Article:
Once one translates into English the local names of the grape varietals grown, it is apparent that the varietal mix is quite different from other wine growing nations with the usual suspects like Chardonnay, Cabernet Sauvignon etc being grown in very limited quantities. Interestingly, the varietals of Rhine Riesling, Muller –Thurgau and Pinot Gris account for well over 50% of the grapes grown in Czechoslovakia. Interestingly, the Czech’s bottle their wines in 500ml bottles rather than the 750ml which is by and large the international practice.

Prime moved by the energetic Director of Czech Tourism in India, Radka Neumannova, the Czech festival is being rolled out across India with the idea of increasing awareness and improving the draw to Czechoslovakia from India as a tourist destination for our travel happy brethren. Banking on the fatigue factor of traditional European destinations for the Indian traveller, the Czechs are promoting their country as an alternative destination with the attractions of spa’s, wine and beer trails and a rich cultural heritage. It was with these thoughts in mind, HE Miloslav Stasek , Ambassador of the Czech Republic, inaugurated the festival.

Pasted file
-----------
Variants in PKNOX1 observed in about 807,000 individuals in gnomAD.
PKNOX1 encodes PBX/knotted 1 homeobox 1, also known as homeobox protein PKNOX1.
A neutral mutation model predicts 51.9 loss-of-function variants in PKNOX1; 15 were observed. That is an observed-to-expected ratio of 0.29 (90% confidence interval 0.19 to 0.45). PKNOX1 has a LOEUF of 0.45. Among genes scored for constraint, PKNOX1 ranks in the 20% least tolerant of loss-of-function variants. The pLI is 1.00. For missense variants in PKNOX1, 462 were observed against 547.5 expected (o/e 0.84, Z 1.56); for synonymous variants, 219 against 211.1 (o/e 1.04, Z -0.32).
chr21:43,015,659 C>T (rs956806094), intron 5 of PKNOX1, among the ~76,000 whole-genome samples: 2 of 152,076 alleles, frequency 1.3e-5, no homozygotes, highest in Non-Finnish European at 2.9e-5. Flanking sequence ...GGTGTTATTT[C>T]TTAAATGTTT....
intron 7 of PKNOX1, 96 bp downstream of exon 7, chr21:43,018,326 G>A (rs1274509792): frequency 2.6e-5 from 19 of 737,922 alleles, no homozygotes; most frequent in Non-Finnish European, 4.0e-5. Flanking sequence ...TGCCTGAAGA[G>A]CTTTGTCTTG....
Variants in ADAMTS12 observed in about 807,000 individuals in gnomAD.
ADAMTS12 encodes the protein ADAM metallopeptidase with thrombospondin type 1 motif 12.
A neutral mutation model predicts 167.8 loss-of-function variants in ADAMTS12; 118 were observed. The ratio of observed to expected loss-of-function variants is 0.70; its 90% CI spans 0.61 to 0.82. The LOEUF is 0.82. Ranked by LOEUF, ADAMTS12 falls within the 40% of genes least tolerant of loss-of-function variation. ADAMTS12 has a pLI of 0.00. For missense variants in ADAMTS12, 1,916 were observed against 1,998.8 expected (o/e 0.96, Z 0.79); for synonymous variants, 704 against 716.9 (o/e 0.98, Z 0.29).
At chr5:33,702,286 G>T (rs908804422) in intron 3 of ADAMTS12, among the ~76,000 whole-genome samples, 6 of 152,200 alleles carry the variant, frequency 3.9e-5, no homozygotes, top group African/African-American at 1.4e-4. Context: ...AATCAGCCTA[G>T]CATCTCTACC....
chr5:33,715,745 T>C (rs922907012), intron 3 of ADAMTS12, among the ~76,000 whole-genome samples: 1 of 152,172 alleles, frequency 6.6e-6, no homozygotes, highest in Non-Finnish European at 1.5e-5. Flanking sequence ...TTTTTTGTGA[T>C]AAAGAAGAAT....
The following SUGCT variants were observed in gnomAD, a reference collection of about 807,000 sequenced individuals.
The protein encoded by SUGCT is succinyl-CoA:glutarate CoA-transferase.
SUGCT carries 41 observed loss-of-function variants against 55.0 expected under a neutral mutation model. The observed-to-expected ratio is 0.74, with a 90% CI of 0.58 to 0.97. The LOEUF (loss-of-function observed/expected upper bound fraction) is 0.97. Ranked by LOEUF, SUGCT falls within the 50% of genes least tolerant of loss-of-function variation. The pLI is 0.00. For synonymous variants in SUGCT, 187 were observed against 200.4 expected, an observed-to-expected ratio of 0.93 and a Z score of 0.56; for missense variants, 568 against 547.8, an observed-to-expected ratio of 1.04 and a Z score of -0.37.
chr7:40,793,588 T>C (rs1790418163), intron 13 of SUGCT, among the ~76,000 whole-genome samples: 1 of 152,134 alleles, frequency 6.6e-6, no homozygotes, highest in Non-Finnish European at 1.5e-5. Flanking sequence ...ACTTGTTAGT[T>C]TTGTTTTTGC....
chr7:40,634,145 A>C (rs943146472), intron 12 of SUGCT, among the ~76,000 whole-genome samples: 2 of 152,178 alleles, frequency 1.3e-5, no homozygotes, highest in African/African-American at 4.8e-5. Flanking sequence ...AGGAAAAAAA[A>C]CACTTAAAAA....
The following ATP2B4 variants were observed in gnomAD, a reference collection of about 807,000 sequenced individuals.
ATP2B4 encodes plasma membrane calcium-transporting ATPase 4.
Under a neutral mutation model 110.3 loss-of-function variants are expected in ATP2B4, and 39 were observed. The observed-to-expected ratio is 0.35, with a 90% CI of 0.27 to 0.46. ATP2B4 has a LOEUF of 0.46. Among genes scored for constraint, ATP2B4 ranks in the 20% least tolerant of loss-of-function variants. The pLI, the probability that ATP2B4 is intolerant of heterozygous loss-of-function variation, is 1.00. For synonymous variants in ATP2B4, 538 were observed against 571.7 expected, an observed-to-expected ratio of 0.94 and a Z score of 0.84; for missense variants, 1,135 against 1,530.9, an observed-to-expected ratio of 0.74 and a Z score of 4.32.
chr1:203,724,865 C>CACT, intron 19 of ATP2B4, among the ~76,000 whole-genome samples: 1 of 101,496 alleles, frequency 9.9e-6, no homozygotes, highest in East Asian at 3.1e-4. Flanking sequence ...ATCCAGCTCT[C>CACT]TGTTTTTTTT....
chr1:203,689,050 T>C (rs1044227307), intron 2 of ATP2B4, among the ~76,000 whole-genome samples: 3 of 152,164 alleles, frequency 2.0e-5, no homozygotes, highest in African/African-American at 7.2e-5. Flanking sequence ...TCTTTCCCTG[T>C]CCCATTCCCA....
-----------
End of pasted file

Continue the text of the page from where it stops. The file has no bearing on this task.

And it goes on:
The setting for the evening was the alfresco area outside the 24/7 all day dining outlet of the LaLiT – a steady cool breeze and a four piece Czech music ensemble contributed to an environment eminently suited to tasting wine. The Czechs were showcasing the wines of the Prague Botanical Garden from two of its vineyards –the Svatá Klára (St. Claire) and Salabka –and had brought along 2 sommeliers to interact with guests and guide them thru the nuances of the wines on display.